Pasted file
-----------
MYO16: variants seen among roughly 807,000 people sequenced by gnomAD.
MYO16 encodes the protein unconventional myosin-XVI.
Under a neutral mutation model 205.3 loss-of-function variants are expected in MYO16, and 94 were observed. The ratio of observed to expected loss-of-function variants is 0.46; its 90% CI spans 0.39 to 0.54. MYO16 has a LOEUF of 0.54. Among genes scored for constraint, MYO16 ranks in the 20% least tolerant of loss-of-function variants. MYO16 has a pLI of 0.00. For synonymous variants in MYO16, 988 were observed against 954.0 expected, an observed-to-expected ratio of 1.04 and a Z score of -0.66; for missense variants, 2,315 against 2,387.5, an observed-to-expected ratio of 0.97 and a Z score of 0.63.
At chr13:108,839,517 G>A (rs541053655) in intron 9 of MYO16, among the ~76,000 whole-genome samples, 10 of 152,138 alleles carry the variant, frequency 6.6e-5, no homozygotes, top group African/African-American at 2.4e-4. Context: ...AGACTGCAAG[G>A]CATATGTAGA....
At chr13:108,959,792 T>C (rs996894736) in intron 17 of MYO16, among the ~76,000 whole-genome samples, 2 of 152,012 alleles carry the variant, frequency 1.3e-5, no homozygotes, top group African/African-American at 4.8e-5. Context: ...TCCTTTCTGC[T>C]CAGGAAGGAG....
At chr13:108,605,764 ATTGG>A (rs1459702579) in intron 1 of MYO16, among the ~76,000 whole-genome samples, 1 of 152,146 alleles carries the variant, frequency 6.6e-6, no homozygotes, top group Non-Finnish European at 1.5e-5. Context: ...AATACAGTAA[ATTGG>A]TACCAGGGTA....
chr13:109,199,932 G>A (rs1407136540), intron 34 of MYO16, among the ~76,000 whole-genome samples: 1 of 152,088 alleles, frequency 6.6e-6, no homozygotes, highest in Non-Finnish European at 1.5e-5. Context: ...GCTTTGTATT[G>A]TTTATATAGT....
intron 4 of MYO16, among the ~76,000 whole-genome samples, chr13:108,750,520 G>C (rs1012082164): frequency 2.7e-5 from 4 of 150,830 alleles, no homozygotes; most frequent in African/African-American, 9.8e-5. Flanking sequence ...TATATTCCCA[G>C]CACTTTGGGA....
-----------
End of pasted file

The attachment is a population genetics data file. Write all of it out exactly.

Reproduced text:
MYO16: variants seen among roughly 807,000 people sequenced by gnomAD.
MYO16 encodes the protein unconventional myosin-XVI.
Under a neutral mutation model 205.3 loss-of-function variants are expected in MYO16, and 94 were observed. The ratio of observed to expected loss-of-function variants is 0.46; its 90% CI spans 0.39 to 0.54. MYO16 has a LOEUF of 0.54. Among genes scored for constraint, MYO16 ranks in the 20% least tolerant of loss-of-function variants. MYO16 has a pLI of 0.00. For synonymous variants in MYO16, 988 were observed against 954.0 expected, an observed-to-expected ratio of 1.04 and a Z score of -0.66; for missense variants, 2,315 against 2,387.5, an observed-to-expected ratio of 0.97 and a Z score of 0.63.
At chr13:108,839,517 G>A (rs541053655) in intron 9 of MYO16, among the ~76,000 whole-genome samples, 10 of 152,138 alleles carry the variant, frequency 6.6e-5, no homozygotes, top group African/African-American at 2.4e-4. Context: ...AGACTGCAAG[G>A]CATATGTAGA....
At chr13:108,959,792 T>C (rs996894736) in intron 17 of MYO16, among the ~76,000 whole-genome samples, 2 of 152,012 alleles carry the variant, frequency 1.3e-5, no homozygotes, top group African/African-American at 4.8e-5. Context: ...TCCTTTCTGC[T>C]CAGGAAGGAG....
At chr13:108,605,764 ATTGG>A (rs1459702579) in intron 1 of MYO16, among the ~76,000 whole-genome samples, 1 of 152,146 alleles carries the variant, frequency 6.6e-6, no homozygotes, top group Non-Finnish European at 1.5e-5. Context: ...AATACAGTAA[ATTGG>A]TACCAGGGTA....
chr13:109,199,932 G>A (rs1407136540), intron 34 of MYO16, among the ~76,000 whole-genome samples: 1 of 152,088 alleles, frequency 6.6e-6, no homozygotes, highest in Non-Finnish European at 1.5e-5. Context: ...GCTTTGTATT[G>A]TTTATATAGT....
intron 4 of MYO16, among the ~76,000 whole-genome samples, chr13:108,750,520 G>C (rs1012082164): frequency 2.7e-5 from 4 of 150,830 alleles, no homozygotes; most frequent in African/African-American, 9.8e-5. Flanking sequence ...TATATTCCCA[G>C]CACTTTGGGA....